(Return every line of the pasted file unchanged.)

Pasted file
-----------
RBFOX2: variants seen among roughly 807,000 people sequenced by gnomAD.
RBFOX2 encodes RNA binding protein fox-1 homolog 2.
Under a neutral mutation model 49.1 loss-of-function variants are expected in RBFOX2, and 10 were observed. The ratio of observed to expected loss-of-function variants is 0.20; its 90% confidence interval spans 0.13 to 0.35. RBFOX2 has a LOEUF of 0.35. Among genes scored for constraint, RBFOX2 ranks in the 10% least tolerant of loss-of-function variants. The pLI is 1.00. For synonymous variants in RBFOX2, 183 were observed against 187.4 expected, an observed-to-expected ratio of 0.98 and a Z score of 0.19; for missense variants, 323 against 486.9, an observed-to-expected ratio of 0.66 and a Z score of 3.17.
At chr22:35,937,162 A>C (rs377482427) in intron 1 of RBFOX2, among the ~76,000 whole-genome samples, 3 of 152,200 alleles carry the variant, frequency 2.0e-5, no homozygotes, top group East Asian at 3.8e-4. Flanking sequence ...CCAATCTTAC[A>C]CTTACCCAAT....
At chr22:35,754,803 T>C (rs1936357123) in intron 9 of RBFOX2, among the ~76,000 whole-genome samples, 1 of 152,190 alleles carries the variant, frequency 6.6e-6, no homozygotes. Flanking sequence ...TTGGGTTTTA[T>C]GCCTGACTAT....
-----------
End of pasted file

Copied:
RBFOX2: variants seen among roughly 807,000 people sequenced by gnomAD.
RBFOX2 encodes RNA binding protein fox-1 homolog 2.
Under a neutral mutation model 49.1 loss-of-function variants are expected in RBFOX2, and 10 were observed. The ratio of observed to expected loss-of-function variants is 0.20; its 90% confidence interval spans 0.13 to 0.35. RBFOX2 has a LOEUF of 0.35. Among genes scored for constraint, RBFOX2 ranks in the 10% least tolerant of loss-of-function variants. The pLI is 1.00. For synonymous variants in RBFOX2, 183 were observed against 187.4 expected, an observed-to-expected ratio of 0.98 and a Z score of 0.19; for missense variants, 323 against 486.9, an observed-to-expected ratio of 0.66 and a Z score of 3.17.
At chr22:35,937,162 A>C (rs377482427) in intron 1 of RBFOX2, among the ~76,000 whole-genome samples, 3 of 152,200 alleles carry the variant, frequency 2.0e-5, no homozygotes, top group East Asian at 3.8e-4. Flanking sequence ...CCAATCTTAC[A>C]CTTACCCAAT....
At chr22:35,754,803 T>C (rs1936357123) in intron 9 of RBFOX2, among the ~76,000 whole-genome samples, 1 of 152,190 alleles carries the variant, frequency 6.6e-6, no homozygotes. Flanking sequence ...TTGGGTTTTA[T>C]GCCTGACTAT....